Scientific Name: Leptospermum spp.
Common Name: Tea Tree, Manuka
Plant Type: Evergreen shrub
Environment: Well-drained, fertile, acid soil. Does best where night temperatures are cool and can tolerate full sun and dry conditions near the coast, needs summer water inland
Bloom: Casual, often showy flowers year round. L. scoparium 'Helene Strybing' sports single, slightly larger, deep pink blooms
Uses: Useful landscape structure plants, fragrant foliage. Can be used for tea, but is not very palatable. Flowers are good bee forage and the resulting honey has antibacterial properties. Common "tea tree oil" is derived from another plant, Melaleuca
Leptospermum Spp. is located in the
Australia Garden (60A, 60B),
New Zealand Garden (66A, 66B) and the
Western Australia Garden (47).
Leptospermum scoparium"Helene Strybing" can be found around the fountain plaza (27H, 27I)
There are many old tea trees in Golden Gate Park and other parks in San Francisco. They were imported from Australia about one hundred years ago to stabilize the sand dunes. Many were planted under the pines and cypresses along Lincoln Way. Look closely and you will see the crawling, twisting trunks of Leptospermum laevigatum forming the understory.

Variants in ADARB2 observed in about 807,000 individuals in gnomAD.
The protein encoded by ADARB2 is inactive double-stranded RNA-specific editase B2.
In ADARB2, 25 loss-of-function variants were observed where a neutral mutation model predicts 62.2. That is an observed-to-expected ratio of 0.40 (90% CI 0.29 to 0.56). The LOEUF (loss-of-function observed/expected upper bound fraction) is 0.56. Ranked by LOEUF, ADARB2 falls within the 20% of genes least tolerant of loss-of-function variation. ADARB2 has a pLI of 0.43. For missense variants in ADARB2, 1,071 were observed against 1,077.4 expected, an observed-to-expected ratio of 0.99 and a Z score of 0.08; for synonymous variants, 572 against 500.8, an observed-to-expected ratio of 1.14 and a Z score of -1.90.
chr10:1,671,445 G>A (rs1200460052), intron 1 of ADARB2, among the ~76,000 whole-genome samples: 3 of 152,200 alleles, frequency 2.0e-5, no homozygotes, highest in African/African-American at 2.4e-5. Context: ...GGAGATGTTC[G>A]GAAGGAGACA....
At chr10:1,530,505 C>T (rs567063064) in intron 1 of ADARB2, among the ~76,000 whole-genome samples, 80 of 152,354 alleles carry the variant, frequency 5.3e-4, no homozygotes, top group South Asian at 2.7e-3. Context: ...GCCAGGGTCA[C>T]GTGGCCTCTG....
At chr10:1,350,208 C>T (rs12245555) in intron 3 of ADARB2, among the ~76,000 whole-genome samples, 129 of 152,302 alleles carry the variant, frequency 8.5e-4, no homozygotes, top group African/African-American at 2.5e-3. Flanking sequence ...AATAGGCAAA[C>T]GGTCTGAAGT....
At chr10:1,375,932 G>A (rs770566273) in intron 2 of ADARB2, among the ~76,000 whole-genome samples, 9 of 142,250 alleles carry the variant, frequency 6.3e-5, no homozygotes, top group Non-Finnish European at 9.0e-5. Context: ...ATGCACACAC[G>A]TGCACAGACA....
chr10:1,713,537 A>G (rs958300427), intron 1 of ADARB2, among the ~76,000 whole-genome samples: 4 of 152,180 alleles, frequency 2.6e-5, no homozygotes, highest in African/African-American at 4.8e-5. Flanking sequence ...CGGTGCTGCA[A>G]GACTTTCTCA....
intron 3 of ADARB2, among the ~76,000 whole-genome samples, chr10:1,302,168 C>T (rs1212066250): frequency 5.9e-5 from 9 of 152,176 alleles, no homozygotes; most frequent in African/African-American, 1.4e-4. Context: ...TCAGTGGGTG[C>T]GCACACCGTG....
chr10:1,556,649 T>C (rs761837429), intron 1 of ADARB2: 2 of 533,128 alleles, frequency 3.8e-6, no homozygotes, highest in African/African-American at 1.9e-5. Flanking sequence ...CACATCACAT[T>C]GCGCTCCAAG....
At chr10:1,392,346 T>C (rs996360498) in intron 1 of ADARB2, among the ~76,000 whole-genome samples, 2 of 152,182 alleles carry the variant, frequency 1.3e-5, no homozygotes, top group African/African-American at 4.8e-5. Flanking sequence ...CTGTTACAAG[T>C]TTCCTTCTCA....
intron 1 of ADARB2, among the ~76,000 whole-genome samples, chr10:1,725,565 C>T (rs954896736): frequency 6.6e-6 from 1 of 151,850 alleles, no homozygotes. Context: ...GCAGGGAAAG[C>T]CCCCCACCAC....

New Zealand has its own species, L. scoparium, which stands erect with pink to deep rose five-petal flowers with multiple stamens. There are several varieties at SFBG: prostrate types (outside the Fragrance Garden) and taller trees on the axis leading from the fountain to the Zellerbach garden. One special highlight for SFBG are the L. scoparium 'Helene Strybing' growing around the fountain plaza. You can identify these by their noticeably bigger pink flowers.
Leptospermums have a long history of medicinal application starting with the Maori, who used them to treat a variety of ailments from colic to rheumatism. Captain Cook, the great explorer of the Pacific, named them “tea trees”, for he learned that a daily tea made from their leaves kept his sailors from succumbing to scurvy, enabling his ships to remain at sea for years. All tea trees have rich nectar that bees transform into a dark honey. Manuka honey is recognized for its unique antibacterial and antifungal properties and is used in hospitals in wound dressings.
IN BLOOM CONTRIBUTORS:
Joanne Taylor and Kathy McNeil, Fred Bové